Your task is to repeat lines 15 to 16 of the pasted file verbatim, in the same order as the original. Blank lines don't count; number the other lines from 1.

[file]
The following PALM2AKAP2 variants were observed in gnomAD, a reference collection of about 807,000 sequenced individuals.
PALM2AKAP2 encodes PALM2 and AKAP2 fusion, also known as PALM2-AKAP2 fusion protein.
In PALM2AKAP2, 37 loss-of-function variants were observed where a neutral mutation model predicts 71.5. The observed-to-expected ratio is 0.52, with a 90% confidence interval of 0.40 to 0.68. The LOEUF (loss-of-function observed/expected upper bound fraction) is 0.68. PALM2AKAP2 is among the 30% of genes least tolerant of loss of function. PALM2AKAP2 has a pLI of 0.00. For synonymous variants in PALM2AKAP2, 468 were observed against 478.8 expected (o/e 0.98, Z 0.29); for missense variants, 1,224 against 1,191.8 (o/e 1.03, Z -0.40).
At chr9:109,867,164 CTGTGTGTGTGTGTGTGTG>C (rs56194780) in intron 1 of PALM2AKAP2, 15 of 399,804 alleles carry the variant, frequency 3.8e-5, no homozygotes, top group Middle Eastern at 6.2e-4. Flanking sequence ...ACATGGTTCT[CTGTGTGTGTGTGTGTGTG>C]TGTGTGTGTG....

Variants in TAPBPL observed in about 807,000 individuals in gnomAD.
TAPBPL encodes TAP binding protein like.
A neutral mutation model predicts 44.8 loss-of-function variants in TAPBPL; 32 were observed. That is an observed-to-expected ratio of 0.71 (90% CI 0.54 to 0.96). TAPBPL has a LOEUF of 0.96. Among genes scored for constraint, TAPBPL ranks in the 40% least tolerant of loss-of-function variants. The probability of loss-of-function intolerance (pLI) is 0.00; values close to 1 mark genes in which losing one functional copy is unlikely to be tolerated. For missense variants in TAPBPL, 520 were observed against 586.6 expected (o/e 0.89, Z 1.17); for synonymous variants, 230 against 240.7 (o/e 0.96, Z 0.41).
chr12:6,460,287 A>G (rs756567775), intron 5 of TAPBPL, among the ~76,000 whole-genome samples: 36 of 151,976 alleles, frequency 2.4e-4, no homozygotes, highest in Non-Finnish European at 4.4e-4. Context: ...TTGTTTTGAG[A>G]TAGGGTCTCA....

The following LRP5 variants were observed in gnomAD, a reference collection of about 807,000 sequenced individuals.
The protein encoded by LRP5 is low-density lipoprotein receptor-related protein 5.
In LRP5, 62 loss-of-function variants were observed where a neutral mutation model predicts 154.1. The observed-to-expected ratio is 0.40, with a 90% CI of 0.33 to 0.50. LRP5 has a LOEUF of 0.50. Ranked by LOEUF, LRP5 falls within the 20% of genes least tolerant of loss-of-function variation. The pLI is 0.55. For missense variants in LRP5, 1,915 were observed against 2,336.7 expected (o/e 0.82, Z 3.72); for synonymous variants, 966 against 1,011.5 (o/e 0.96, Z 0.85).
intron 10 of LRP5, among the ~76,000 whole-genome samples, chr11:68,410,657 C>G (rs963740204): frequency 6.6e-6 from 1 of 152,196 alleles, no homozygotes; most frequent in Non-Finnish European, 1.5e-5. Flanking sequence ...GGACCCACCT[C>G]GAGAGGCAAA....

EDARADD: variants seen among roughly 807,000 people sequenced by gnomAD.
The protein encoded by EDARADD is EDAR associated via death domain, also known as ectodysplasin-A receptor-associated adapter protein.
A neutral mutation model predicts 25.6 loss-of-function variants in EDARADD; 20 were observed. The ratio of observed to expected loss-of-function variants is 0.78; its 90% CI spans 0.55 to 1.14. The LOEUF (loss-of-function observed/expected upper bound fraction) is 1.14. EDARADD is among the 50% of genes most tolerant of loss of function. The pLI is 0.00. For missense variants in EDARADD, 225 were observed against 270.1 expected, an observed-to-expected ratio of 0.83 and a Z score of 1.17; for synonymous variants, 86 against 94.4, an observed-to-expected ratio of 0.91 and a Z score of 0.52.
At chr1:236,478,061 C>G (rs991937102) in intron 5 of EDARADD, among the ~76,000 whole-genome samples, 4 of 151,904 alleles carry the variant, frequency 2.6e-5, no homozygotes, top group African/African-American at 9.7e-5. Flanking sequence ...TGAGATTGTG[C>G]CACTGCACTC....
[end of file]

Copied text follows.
A neutral mutation model predicts 25.6 loss-of-function variants in EDARADD; 20 were observed. The ratio of observed to expected loss-of-function variants is 0.78; its 90% CI spans 0.55 to 1.14. The LOEUF (loss-of-function observed/expected upper bound fraction) is 1.14. EDARADD is among the 50% of genes most tolerant of loss of function. The pLI is 0.00. For missense variants in EDARADD, 225 were observed against 270.1 expected, an observed-to-expected ratio of 0.83 and a Z score of 1.17; for synonymous variants, 86 against 94.4, an observed-to-expected ratio of 0.91 and a Z score of 0.52.
At chr1:236,478,061 C>G (rs991937102) in intron 5 of EDARADD, among the ~76,000 whole-genome samples, 4 of 151,904 alleles carry the variant, frequency 2.6e-5, no homozygotes, top group African/African-American at 9.7e-5. Flanking sequence ...TGAGATTGTG[C>G]CACTGCACTC....